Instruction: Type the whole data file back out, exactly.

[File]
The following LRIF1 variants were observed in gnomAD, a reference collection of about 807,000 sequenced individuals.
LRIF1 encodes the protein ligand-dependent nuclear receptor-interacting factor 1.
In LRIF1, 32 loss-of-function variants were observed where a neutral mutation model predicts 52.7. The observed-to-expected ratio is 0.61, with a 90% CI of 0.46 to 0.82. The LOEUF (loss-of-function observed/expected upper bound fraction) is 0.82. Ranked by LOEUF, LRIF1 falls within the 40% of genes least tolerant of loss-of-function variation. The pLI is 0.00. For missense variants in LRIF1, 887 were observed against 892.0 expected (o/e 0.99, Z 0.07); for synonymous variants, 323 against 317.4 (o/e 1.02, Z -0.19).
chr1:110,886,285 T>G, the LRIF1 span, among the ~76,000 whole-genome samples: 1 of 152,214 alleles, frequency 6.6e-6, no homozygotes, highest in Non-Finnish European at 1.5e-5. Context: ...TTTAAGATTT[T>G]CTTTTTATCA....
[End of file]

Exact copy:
The following LRIF1 variants were observed in gnomAD, a reference collection of about 807,000 sequenced individuals.
LRIF1 encodes the protein ligand-dependent nuclear receptor-interacting factor 1.
In LRIF1, 32 loss-of-function variants were observed where a neutral mutation model predicts 52.7. The observed-to-expected ratio is 0.61, with a 90% CI of 0.46 to 0.82. The LOEUF (loss-of-function observed/expected upper bound fraction) is 0.82. Ranked by LOEUF, LRIF1 falls within the 40% of genes least tolerant of loss-of-function variation. The pLI is 0.00. For missense variants in LRIF1, 887 were observed against 892.0 expected (o/e 0.99, Z 0.07); for synonymous variants, 323 against 317.4 (o/e 1.02, Z -0.19).
chr1:110,886,285 T>G, the LRIF1 span, among the ~76,000 whole-genome samples: 1 of 152,214 alleles, frequency 6.6e-6, no homozygotes, highest in Non-Finnish European at 1.5e-5. Context: ...TTTAAGATTT[T>G]CTTTTTATCA....